Strange Electronic Sounds

I dabbled with samplers, loops, and audio software, making some weird-ass music along the way.

I have been obsessed with music since I was a kid, and it’s been an integral part of my life for nearly as long. I played in rock bands in Portland in the early nineties as well as more recently. I also managed bands for awhile, mixed bands live and in the studio, booked a nightclub for over five years, and wrote about music for nearly a decade.

I have, however, always been interested in the sound of the music more than the melody or lyrics. This has led me to explore the extremes of experimental electronic music. I tend to prefer material that has at least some rhythmic component. But other than that, the weirder and noisier, the better.

I played around with hardware samplers for years, but gave them all up after computers got powerful enough. I mostly mess with mutilating loops: chopping, stretching and slathering them in effects. I also tend to simply play with sounds without ever finishing a whole “song.” I guess my audio endeavors would be best suited to creating aural atmospheres. And actually, I have dabbled in film sound.


I bought my first sampler – an Ensonic EPS – with some money my parents gave me in 1989. Even though I was heavily involved in the Portland indie rock scene at the time, I had always had a love for manipulating, massaging, and messing with the fabric of sound.

I never did do much with that EPS, though my drummer in Thrillhamer and I put together a few shitty tracks and presented them at a Satyricon Sunday Cabaret, much to the amusement of the handful of people there. The EPS sat around until I sold it when I needed money.

But I decided to take another stab at electronic music in the late nineties. I got a Roland SP-808 and an Ensonic ARS-10 (which I’m told was heavily favored by Autechre). I pushed myself to keep at it and managed to finish some “songs” (if you can call them that) in early 2001. I called myself “Yukster” because of the Mr. Yuk (poison control symbol) tattoo that I’ve had since 1991.

I only did a few songs with that gear before discovering the PC looping program called Sonic Foundry Acid. I fell in love with that program (and even used it on some of my film sound work). Using Acid, I slowly produced several more tracks that I could more or less call “finished.”

Then later, I discovered Ableton Live, which is an amazing piece of software. It’s the perfect sound creation tool for me. That being said, in the intervening years I have futzed around with my strange sound manipulation habit in fits and gasps, rarely sticking with it enough to call something done. At this point, I haven’t touched any of it in years.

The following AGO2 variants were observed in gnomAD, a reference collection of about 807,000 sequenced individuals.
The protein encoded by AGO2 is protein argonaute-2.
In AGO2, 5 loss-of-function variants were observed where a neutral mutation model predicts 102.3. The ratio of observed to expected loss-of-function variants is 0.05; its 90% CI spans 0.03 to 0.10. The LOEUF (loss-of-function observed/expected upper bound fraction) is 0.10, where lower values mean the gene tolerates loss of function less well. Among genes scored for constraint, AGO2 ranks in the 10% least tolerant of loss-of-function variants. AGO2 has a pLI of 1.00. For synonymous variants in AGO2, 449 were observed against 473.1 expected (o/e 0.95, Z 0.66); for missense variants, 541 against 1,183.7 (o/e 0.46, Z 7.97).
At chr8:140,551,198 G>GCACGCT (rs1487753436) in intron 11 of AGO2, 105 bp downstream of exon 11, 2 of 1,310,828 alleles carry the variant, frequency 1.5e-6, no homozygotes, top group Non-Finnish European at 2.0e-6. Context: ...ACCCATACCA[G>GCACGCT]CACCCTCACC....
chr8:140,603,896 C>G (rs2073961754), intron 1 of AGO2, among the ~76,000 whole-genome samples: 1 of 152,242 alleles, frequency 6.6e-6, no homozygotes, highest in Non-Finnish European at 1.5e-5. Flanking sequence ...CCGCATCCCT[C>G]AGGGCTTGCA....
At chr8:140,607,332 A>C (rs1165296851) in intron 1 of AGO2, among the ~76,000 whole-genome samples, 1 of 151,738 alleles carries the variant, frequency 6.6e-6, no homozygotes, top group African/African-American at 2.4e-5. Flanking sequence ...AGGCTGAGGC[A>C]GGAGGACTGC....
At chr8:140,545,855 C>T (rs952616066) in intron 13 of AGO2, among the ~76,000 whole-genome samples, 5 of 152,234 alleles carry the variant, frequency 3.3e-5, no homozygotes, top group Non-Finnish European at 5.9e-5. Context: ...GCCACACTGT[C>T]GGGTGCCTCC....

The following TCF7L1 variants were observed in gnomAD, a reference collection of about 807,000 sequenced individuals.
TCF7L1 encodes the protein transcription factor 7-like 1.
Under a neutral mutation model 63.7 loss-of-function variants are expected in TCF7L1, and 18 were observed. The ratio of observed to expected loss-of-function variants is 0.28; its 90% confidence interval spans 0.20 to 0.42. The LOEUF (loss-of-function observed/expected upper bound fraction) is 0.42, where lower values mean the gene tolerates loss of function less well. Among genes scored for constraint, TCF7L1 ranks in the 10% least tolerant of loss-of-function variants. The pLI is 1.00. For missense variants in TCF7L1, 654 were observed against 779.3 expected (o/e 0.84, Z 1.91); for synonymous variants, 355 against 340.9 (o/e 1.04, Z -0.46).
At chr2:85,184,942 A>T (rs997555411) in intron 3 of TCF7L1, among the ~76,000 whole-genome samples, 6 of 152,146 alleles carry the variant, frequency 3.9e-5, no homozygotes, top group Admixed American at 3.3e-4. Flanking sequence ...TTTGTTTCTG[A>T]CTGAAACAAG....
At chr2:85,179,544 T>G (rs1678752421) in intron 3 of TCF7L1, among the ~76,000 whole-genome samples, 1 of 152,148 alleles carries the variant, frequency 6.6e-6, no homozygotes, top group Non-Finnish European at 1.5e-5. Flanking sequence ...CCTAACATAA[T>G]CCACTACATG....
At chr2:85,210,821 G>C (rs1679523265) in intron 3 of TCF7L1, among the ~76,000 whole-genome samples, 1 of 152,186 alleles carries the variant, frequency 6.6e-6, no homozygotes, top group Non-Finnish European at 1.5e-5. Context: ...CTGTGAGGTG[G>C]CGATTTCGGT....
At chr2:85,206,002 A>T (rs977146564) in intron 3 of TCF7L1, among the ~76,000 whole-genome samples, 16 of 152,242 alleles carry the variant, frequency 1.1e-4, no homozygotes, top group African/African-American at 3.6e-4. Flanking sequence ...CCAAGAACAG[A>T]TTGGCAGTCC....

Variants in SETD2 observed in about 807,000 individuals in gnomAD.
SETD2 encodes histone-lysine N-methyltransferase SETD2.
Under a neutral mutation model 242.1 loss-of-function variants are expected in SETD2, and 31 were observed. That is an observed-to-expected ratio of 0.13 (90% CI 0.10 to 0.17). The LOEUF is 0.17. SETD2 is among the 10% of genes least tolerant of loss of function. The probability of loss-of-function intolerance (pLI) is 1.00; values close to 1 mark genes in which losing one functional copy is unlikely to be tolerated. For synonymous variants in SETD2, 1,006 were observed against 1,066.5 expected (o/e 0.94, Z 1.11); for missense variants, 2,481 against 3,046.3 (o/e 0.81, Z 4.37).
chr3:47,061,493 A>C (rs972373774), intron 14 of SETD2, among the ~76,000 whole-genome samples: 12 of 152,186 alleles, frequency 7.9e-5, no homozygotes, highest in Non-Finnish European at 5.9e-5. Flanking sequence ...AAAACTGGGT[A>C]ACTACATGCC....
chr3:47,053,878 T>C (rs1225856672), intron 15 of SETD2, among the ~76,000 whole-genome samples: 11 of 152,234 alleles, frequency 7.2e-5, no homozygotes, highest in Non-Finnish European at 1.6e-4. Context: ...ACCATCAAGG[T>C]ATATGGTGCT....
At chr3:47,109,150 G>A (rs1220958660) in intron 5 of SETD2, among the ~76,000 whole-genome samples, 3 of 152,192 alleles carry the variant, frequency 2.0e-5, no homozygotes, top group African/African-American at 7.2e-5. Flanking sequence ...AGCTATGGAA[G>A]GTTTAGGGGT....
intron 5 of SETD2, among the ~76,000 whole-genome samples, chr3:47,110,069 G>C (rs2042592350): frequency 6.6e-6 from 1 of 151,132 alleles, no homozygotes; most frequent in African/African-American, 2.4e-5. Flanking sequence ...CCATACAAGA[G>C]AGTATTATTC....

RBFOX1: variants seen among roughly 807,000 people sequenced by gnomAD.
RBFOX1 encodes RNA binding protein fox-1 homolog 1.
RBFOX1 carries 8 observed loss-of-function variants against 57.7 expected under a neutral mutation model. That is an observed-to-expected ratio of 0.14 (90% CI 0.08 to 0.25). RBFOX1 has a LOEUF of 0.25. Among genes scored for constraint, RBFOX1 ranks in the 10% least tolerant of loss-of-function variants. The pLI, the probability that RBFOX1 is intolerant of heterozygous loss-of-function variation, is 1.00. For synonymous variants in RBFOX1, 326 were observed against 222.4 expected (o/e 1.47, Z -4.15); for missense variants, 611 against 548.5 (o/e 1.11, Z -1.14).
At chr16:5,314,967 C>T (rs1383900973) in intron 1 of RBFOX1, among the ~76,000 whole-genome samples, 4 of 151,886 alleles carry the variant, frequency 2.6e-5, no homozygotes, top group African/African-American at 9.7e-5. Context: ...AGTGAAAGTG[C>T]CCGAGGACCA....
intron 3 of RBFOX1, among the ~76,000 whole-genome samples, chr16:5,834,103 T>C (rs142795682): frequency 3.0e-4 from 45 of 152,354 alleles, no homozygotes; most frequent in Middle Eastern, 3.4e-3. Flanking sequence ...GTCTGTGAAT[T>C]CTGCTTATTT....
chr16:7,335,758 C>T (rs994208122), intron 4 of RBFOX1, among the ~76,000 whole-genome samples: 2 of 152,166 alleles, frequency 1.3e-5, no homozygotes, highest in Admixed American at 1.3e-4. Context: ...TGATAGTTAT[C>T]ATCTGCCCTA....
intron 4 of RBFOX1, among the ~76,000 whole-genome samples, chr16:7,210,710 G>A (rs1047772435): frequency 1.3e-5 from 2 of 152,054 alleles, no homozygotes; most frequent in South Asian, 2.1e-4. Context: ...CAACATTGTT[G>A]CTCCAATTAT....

In any case, below are most of my Yukster tracks ranging from 2001 to 2008. I’ve tried to put them in roughly chronological order, but I really can’t remember anymore. The earlier stuff is more dance oriented – me trying to be a Big Beat producer. I gradually got into weirder and weirder stuff. I’m just more of a sound collage maker than a composer. Anyway, not sure when or if I’ll ever get around to doing some more.


In the early 2000’s, around the time that I was getting into esoteric “glitch” music, I decided I wanted to make some more cerebral music, rather than what, up to then, had been more beat-oriented (though very weird) material. I had taken the Meyers-Briggs Type Indicator “personality test” many years before and found out that I am an “INTP.” You can read all about that type on the above site, but suffice it to say that INTP stands for “Introverted, iNtuitive, Thinking, Perceiving,” which aptly describes me. I figured that would be a great name for this composing persona.

My first batch of compositions under the INTP moniker were the Stretches. These were created by taking a short sample and applying a fixed series of processing steps to it. My original intention was to treat these as something of an exercise or a “stretch.” I’ve long had the tendency to lose interest in a song before I get it to a point at which I would call it “done.” So, with the Stretches, I took a sample (most of them being very recognizable bits from very recognizable songs) and put it through a series of torturous processing steps. Having this set sequence of steps kept me from getting bogged down in indecision and gave me a definite point at which to call it done.

Now because that I lack discipline, I did vary my treatments a little. You could say that my artistic instincts overrode my intellectual intentions. In any case, I found myself hypnotized by the “random” drones that resulted. (Are they random or are they dictated by the pattern of the source sample?) I did fifteen Stretches in all. Here are three of them to check out.

I never did make any other music as INTP, but I still enjoy listening to these once in a while. I suppose my Yukster material got weirder and weirder, so you could say that the two interests merged.

I am on Soundcloud as yukster.

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